Intuitively, to the business owner and web designer, the current structure seems to make sense. After all, it's shows that it is a page on that website. However, to Google and a user, it's pretty obvious that anything existing on the same domain, is probably part of the same website. Given that NHLPA.com is the domain, do we really need to re-state it?
Let's examine further whether this is a good idea...
Rethink Your Page Title Strategy To Leverage Unique Content Assets
One of the primary assets of the National Hockey League Players Association is obviously information about the players. Hockey being a popular sport, played around the world, means that players will be well known, with users searching all over the world for relevant and official information. With that in mind, NHLPA should place the players at the forefront of it's content strategy.
Examining the /players/ website directory on NHLPA.com we can see that every page has been labeled with correct page titles, which correlate to the content on the page. However, a search for any player name on Google clearly shows that the websites with the player name at the beginning perform better. In fact, every single result on the first page puts the player name at the beginning of the page title. This suggests that the most relevant URL match to any search query, needs to place the relevant keywords at the beginning of the page title.
With this in mind, to improve the chance of successfully appearing at the top of Google, the page title convention change becomes obvious:
NHLPA.com | Players | Saku Koivu
Saku Koivu | Players | NHLPA.com
Re-writing Page Titles To Be Comprehensively Informative
Such a page title change recommendation above is the absolute least that can be done to improve a website. This change certainly won't see the website storm up to the top of search results, but it will have an impact. At the least, it will cause an increase in incremental traffic via the long tail of player searches.
If NHLPA.com wanted to build on this strategy change immediately, it would be worth investigating what other possible search query combinations might exist. What search terms might users combine with player names?
Most likely, it would be team names.
Let's test our gut feeling against the data. A quick search using Google Insights for Search bears out our instincts. Both team names that Saku Koivu has played for are being used as a query modifier.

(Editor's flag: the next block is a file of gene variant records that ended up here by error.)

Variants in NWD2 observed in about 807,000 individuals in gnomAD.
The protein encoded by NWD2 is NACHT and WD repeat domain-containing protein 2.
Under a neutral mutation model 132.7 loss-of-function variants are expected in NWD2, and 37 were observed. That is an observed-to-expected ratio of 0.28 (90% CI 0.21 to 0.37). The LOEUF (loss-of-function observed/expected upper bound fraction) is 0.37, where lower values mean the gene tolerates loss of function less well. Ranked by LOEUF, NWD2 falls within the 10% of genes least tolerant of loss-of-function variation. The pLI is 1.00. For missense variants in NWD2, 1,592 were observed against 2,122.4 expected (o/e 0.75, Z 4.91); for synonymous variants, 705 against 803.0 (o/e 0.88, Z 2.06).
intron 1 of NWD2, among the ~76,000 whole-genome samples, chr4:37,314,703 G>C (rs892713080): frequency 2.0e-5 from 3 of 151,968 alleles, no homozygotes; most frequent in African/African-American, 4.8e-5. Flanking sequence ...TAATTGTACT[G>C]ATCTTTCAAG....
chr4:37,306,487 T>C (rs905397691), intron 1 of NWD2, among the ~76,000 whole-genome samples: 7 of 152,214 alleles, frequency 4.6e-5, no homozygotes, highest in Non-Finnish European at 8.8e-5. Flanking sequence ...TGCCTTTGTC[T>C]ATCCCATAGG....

Building on our previous change, the new page title strategy would now be:
Saku Koivu | Players | NHLPA.com
Saku Koivu | Anaheim Ducks | Players | NHLPA.com
However, now it becomes glaringly obvious that the most important terms to NHLPA's business are missing. Where are the terms 'hockey' or 'NHL' in the title? Let's double-check with Google Insights for Search to see if including it is worthwhile. (We probably know the answer...)
Woohoo, we've two high traffic long tail terms! So let's slot those words into the page title convention.
Saku Koivu | Anaheim Ducks | Players | NHLPA.com
Saku Koivu | Anaheim Ducks | NHL Hockey Players | NHLPA.com
When we started, the page title structure targeted two keyword combinations, namely brand name (NHLPA) and unique player name. With the new page title structure, a wider net is cast, which can potentially reach every possible search query combination for hockey player, hockey team, generic sport name and brand name. We could illustrate the new structure as a formula:
NHLPA.com | Players | [Player Name”
[Player Name” | [Team Name” | NHL Hockey Players | NHLPA.com
By interrogating the page titles against the actual content of the page we have achieved the following:
- Discovered duplicate content
- Improved the order of keywords
- Expanded the net of search terms we can rank for (player names, team names, and sport name)
- Made our page titles more informative to any search engine user
- Created a new page title structure for all player pages
Is this likely to create more traffic? Just ask Google...
Can you see the opportunity? This methodology could work for any website associated with sports or a team.
All of this may seem pretty basic, but we're really dealing with the building blocks of website usability and best practice SEO. Hopefully we'll see an improvement in pages indexed and actual visibility. Next week we'll tackle site architecture, another fundamental, but important aspect of on-page SEO. And would love to get any feedback you have regarding changes you may note yourself for this site at Google.
Many thanks to NHLPA.com for allowing us to conduct this SEO audit publicly and sharing the results. Casey Rovinelli will be speaking at SES SF on the Speaking Geek: How Marketers Can Work with Web Developers to Achieve Business Goals panel. Also you can join us in the SEW labs SEO Primer to put your website under the microscope.